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Transport for London are to trial badges for travellers with disabilities or hidden ailments to urge other passengers to give up their seat for them.
The new accessories, in the style of the current ‘Baby On Board’ badges issued to pregnant women, are being introduced as a result of complaints from those who commonly struggle to find a seat but really need to do so. The announcement comes just a week before the start of the 2016 Paralympics, which will also help reiterate the importance of understanding disability, whether it be hidden or visible.
The trial will launch this month and those who participate will be issued with a badge to wear as well as a card to show TfL staff. About 1,000 badges will be issued as part of the initial trial.
Cancer patient James McNaught made efforts last year to design his own ‘Cancer On Board’ badges when he was being treated for throat cancer, and said “When I was undergoing radiotherapy for throat cancer, it meant I couldn’t talk to ask for a seat and the morphine I was taking made me appear drunk. It was a real struggle to get people to understand why I needed to sit down. I’m really pleased TfL is doing this trial.”
The Mayor of London Sadiq Khan said: “We hope that these new blue badges can make a real difference to those who find it difficult to get a seat when they need one, particularly those with hidden disabilities. I want Londoners to embrace our new trial and help these blue badges become as instantly-recognisable, giving confidence to those wearing them on public transport across London.”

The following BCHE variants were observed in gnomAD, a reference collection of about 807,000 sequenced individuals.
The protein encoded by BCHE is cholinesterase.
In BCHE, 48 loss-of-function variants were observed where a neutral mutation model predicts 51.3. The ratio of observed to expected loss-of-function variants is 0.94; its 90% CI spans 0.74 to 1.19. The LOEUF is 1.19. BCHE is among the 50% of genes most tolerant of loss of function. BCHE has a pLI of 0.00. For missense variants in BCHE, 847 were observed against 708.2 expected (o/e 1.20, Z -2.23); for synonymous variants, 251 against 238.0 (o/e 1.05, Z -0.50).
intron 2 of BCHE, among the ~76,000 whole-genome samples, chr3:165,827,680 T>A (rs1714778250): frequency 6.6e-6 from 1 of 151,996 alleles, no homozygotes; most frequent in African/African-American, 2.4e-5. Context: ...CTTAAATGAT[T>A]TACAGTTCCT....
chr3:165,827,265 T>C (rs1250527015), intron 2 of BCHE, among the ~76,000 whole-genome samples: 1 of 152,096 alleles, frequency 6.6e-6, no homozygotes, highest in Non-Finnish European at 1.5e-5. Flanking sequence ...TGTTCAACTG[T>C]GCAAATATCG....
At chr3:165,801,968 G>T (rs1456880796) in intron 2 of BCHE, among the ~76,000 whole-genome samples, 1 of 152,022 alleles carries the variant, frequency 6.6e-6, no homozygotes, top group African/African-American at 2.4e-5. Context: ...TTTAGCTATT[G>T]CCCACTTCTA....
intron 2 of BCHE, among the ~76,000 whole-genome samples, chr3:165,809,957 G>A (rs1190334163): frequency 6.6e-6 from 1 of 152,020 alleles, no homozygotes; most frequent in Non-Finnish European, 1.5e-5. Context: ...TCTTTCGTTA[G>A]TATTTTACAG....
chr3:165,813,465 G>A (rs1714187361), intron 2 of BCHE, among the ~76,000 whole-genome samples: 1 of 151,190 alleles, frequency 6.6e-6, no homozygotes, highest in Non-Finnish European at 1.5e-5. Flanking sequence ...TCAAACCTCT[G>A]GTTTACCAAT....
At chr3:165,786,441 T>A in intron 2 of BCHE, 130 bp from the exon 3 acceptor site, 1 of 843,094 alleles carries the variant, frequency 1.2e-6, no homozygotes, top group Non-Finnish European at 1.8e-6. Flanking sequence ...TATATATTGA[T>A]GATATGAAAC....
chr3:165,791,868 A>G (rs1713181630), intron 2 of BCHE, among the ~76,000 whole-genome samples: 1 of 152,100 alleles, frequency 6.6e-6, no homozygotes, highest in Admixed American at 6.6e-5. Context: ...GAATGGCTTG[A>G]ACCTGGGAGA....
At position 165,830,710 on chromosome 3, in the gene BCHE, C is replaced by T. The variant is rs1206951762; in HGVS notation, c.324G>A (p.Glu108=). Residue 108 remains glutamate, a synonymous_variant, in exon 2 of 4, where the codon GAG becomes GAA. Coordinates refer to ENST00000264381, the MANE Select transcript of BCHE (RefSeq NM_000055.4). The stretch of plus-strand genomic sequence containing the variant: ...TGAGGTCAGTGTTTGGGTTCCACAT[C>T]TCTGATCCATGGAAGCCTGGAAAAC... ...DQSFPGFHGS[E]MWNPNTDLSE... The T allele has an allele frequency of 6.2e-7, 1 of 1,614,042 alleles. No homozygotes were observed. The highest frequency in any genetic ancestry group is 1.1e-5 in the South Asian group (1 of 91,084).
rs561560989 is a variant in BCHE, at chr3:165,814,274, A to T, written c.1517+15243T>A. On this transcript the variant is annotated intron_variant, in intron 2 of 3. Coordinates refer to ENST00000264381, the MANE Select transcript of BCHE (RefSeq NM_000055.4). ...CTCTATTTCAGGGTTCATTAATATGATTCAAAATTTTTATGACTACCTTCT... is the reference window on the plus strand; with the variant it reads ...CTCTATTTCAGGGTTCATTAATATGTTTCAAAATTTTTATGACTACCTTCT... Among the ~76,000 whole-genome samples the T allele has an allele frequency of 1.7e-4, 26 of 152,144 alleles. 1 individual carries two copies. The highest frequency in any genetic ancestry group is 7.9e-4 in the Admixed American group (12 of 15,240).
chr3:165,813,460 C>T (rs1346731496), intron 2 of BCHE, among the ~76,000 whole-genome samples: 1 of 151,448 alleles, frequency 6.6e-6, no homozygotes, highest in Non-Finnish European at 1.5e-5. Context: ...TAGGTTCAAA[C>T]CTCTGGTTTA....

The current ‘Baby On Board’ badges are used by over 300,000 pregnant women a year, and were launched back in 2005. The badges can be ordered online and delivered to any address in Greater London or the South East of England. It’s thought that the new badges will be subject to a similar application process.
Do you think the badges are a good initiative, or too little too late? Let us know in the comments below!
Photo credit: TfL
Author Lex Barber
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